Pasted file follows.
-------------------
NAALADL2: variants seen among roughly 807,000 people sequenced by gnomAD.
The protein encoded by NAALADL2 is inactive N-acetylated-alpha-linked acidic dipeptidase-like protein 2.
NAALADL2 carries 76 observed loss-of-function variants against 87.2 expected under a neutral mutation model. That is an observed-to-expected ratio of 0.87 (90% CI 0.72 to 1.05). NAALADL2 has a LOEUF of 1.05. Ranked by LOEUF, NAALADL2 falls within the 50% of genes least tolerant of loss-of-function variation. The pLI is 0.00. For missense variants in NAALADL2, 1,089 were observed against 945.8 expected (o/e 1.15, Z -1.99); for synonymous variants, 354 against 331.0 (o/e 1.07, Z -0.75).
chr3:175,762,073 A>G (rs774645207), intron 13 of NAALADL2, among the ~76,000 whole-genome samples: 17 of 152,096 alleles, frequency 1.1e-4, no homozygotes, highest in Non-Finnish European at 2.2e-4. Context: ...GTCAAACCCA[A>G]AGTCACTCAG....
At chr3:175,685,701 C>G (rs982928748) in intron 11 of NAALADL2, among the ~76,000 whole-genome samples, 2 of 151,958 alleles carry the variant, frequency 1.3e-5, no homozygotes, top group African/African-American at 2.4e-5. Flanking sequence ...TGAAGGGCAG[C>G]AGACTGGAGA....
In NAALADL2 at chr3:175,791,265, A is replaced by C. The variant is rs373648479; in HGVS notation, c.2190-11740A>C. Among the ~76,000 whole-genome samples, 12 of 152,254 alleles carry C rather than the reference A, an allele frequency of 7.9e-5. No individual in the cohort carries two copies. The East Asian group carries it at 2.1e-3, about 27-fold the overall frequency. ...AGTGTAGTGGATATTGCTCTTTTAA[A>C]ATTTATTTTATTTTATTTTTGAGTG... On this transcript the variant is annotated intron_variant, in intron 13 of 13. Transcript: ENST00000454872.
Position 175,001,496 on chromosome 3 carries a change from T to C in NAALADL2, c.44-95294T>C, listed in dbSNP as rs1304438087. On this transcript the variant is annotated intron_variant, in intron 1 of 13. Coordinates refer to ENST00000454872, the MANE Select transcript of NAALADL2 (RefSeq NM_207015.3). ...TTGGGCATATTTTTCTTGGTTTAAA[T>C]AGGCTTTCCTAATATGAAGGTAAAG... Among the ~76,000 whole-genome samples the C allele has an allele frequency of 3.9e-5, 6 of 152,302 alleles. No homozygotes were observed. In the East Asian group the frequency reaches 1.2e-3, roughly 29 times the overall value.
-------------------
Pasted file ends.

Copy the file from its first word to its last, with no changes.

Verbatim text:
NAALADL2: variants seen among roughly 807,000 people sequenced by gnomAD.
The protein encoded by NAALADL2 is inactive N-acetylated-alpha-linked acidic dipeptidase-like protein 2.
NAALADL2 carries 76 observed loss-of-function variants against 87.2 expected under a neutral mutation model. That is an observed-to-expected ratio of 0.87 (90% CI 0.72 to 1.05). NAALADL2 has a LOEUF of 1.05. Ranked by LOEUF, NAALADL2 falls within the 50% of genes least tolerant of loss-of-function variation. The pLI is 0.00. For missense variants in NAALADL2, 1,089 were observed against 945.8 expected (o/e 1.15, Z -1.99); for synonymous variants, 354 against 331.0 (o/e 1.07, Z -0.75).
chr3:175,762,073 A>G (rs774645207), intron 13 of NAALADL2, among the ~76,000 whole-genome samples: 17 of 152,096 alleles, frequency 1.1e-4, no homozygotes, highest in Non-Finnish European at 2.2e-4. Context: ...GTCAAACCCA[A>G]AGTCACTCAG....
At chr3:175,685,701 C>G (rs982928748) in intron 11 of NAALADL2, among the ~76,000 whole-genome samples, 2 of 151,958 alleles carry the variant, frequency 1.3e-5, no homozygotes, top group African/African-American at 2.4e-5. Flanking sequence ...TGAAGGGCAG[C>G]AGACTGGAGA....
In NAALADL2 at chr3:175,791,265, A is replaced by C. The variant is rs373648479; in HGVS notation, c.2190-11740A>C. Among the ~76,000 whole-genome samples, 12 of 152,254 alleles carry C rather than the reference A, an allele frequency of 7.9e-5. No individual in the cohort carries two copies. The East Asian group carries it at 2.1e-3, about 27-fold the overall frequency. ...AGTGTAGTGGATATTGCTCTTTTAA[A>C]ATTTATTTTATTTTATTTTTGAGTG... On this transcript the variant is annotated intron_variant, in intron 13 of 13. Transcript: ENST00000454872.
Position 175,001,496 on chromosome 3 carries a change from T to C in NAALADL2, c.44-95294T>C, listed in dbSNP as rs1304438087. On this transcript the variant is annotated intron_variant, in intron 1 of 13. Coordinates refer to ENST00000454872, the MANE Select transcript of NAALADL2 (RefSeq NM_207015.3). ...TTGGGCATATTTTTCTTGGTTTAAA[T>C]AGGCTTTCCTAATATGAAGGTAAAG... Among the ~76,000 whole-genome samples the C allele has an allele frequency of 3.9e-5, 6 of 152,302 alleles. No homozygotes were observed. In the East Asian group the frequency reaches 1.2e-3, roughly 29 times the overall value.